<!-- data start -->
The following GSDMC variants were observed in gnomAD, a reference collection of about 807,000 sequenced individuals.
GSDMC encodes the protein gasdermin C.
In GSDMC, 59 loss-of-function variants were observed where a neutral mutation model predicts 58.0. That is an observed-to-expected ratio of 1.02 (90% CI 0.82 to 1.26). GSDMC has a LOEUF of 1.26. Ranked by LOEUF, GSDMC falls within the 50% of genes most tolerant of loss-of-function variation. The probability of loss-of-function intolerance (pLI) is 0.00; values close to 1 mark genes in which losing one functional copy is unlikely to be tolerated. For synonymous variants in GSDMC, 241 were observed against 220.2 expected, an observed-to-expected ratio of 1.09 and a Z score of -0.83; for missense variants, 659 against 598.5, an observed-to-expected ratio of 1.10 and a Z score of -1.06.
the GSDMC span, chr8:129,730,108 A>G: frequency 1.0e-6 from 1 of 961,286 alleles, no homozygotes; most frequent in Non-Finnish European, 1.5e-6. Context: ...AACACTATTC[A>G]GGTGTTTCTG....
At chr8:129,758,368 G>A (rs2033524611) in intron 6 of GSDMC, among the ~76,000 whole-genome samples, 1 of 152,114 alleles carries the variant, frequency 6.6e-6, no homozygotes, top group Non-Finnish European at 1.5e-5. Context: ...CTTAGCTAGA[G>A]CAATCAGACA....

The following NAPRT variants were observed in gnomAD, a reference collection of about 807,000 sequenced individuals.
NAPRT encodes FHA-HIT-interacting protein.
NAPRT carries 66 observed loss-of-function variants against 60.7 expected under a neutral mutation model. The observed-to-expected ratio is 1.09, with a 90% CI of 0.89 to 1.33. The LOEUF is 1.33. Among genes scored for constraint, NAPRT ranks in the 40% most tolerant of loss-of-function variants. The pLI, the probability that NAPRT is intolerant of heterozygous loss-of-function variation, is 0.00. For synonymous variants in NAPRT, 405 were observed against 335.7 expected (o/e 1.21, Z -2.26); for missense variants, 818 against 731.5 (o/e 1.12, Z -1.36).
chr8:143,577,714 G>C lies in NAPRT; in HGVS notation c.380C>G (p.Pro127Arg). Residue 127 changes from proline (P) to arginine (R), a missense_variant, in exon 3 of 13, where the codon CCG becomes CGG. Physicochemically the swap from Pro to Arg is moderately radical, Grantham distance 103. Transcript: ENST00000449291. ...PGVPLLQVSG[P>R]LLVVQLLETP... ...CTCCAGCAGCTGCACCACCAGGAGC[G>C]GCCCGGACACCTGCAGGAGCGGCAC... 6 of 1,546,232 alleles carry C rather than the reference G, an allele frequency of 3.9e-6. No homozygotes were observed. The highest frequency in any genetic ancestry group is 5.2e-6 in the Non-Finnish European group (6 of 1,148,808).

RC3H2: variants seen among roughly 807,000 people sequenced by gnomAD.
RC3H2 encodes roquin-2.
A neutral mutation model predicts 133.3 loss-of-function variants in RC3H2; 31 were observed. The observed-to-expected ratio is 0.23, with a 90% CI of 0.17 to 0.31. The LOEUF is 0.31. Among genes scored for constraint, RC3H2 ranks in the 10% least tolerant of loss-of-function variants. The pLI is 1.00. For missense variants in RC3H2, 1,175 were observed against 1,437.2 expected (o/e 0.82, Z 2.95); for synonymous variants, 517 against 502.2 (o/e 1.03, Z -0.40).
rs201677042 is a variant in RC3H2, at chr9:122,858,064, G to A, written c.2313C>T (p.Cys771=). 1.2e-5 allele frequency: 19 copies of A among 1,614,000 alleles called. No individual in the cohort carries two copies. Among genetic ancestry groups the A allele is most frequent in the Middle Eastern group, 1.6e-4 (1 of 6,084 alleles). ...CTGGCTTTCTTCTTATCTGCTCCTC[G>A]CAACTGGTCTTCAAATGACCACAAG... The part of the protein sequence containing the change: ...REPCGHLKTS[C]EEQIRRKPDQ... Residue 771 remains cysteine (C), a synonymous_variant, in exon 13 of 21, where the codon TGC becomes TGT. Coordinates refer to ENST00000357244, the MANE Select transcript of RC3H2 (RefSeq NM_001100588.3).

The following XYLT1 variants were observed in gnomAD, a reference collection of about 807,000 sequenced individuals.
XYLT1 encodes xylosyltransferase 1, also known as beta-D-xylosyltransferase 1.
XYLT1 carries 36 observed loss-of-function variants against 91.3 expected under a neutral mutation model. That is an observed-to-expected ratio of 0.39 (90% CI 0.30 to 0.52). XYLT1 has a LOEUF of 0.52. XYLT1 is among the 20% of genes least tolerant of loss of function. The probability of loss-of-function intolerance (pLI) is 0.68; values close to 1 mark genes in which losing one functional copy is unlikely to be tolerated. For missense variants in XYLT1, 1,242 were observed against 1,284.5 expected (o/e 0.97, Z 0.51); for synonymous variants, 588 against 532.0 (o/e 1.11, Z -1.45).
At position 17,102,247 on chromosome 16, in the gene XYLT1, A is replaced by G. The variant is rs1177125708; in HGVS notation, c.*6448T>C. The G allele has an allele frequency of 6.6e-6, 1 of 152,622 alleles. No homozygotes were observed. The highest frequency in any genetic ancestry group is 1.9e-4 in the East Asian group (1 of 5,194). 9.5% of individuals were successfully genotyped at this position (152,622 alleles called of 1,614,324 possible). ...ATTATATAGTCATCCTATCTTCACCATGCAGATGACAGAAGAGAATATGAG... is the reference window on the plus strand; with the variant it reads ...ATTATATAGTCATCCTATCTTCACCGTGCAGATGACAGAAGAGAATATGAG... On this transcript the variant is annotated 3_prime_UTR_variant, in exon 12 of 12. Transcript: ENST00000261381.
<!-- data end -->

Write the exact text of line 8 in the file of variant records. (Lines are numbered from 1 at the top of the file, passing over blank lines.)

NAPRT carries 66 observed loss-of-function variants against 60.7 expected under a neutral mutation model. The observed-to-expected ratio is 1.09, with a 90% CI of 0.89 to 1.33. The LOEUF is 1.33. Among genes scored for constraint, NAPRT ranks in the 40% most tolerant of loss-of-function variants. The pLI, the probability that NAPRT is intolerant of heterozygous loss-of-function variation, is 0.00. For synonymous variants in NAPRT, 405 were observed against 335.7 expected (o/e 1.21, Z -2.26); for missense variants, 818 against 731.5 (o/e 1.12, Z -1.36).